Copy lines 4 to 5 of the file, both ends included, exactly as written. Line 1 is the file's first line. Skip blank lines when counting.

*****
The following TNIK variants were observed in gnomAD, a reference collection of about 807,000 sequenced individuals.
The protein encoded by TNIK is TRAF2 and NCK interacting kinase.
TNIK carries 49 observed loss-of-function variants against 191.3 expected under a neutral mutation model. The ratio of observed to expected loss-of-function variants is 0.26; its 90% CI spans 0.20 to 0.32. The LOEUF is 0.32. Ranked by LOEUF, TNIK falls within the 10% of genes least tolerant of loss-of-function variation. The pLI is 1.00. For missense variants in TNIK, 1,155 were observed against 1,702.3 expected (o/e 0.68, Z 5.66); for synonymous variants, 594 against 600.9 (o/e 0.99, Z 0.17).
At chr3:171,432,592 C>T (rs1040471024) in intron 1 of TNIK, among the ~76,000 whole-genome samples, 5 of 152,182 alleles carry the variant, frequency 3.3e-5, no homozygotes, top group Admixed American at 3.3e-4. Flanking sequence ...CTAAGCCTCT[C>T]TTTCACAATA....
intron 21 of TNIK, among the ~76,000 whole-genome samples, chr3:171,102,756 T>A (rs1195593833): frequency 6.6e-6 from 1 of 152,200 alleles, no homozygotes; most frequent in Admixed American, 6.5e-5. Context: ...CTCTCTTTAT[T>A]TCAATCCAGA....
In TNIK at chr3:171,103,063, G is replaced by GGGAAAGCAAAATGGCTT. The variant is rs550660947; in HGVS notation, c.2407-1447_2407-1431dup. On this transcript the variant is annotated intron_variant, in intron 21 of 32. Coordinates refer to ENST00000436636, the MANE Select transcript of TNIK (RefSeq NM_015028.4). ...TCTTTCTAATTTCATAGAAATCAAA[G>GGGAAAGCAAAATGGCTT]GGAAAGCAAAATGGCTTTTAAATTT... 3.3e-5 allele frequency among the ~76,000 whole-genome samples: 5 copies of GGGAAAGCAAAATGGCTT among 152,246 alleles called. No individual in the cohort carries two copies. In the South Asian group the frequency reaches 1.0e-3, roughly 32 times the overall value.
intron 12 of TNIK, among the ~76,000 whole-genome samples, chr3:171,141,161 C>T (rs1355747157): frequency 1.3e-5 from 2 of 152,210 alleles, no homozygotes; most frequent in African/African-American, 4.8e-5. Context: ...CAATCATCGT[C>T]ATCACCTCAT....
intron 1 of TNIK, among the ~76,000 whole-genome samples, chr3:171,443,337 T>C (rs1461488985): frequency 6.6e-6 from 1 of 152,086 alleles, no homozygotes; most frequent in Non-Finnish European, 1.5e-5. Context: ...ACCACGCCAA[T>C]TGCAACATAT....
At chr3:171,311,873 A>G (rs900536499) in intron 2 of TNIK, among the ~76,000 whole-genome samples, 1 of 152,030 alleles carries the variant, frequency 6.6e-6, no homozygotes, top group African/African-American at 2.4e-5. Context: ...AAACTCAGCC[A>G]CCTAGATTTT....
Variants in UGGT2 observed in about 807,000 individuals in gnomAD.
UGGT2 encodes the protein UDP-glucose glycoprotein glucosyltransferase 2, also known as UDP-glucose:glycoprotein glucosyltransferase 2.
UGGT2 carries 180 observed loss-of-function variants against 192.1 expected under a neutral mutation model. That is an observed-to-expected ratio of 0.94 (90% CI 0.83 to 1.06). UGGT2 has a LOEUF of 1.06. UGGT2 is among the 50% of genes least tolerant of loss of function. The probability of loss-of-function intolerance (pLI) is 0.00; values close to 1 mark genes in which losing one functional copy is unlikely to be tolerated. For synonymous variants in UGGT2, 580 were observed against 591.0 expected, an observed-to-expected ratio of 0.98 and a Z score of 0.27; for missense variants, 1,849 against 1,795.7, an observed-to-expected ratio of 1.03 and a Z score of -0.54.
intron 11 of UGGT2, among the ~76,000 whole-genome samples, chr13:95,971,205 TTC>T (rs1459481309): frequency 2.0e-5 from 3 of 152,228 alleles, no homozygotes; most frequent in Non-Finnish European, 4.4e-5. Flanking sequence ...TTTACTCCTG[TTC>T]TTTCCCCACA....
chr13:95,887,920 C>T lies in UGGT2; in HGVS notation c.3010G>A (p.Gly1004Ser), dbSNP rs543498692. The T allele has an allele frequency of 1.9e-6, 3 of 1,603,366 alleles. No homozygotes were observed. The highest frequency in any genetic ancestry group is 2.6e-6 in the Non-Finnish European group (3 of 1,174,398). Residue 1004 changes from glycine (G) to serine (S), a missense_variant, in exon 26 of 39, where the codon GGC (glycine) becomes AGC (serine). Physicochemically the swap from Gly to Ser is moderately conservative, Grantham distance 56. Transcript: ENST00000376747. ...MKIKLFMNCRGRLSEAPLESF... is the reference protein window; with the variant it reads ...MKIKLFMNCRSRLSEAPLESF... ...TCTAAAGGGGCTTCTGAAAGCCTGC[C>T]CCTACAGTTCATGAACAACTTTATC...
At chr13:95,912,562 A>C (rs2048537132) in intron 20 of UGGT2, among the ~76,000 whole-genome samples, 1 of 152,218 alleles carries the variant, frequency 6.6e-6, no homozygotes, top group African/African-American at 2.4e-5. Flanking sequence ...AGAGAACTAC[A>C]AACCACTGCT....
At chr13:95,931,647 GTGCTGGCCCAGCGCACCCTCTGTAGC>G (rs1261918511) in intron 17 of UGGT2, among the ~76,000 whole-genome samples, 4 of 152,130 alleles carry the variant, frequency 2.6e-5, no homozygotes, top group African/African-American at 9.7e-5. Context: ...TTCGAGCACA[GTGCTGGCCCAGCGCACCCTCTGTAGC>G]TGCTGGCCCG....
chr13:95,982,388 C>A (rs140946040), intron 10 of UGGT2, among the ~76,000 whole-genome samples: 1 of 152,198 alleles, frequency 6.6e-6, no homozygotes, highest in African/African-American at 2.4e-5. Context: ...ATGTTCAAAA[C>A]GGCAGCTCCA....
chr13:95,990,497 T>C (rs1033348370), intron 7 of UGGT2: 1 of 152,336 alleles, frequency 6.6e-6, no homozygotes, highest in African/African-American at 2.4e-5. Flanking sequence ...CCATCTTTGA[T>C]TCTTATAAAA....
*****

At chr3:171,432,592 C>T (rs1040471024) in intron 1 of TNIK, among the ~76,000 whole-genome samples, 5 of 152,182 alleles carry the variant, frequency 3.3e-5, no homozygotes, top group Admixed American at 3.3e-4. Flanking sequence ...CTAAGCCTCT[C>T]TTTCACAATA....
intron 21 of TNIK, among the ~76,000 whole-genome samples, chr3:171,102,756 T>A (rs1195593833): frequency 6.6e-6 from 1 of 152,200 alleles, no homozygotes; most frequent in Admixed American, 6.5e-5. Context: ...CTCTCTTTAT[T>A]TCAATCCAGA....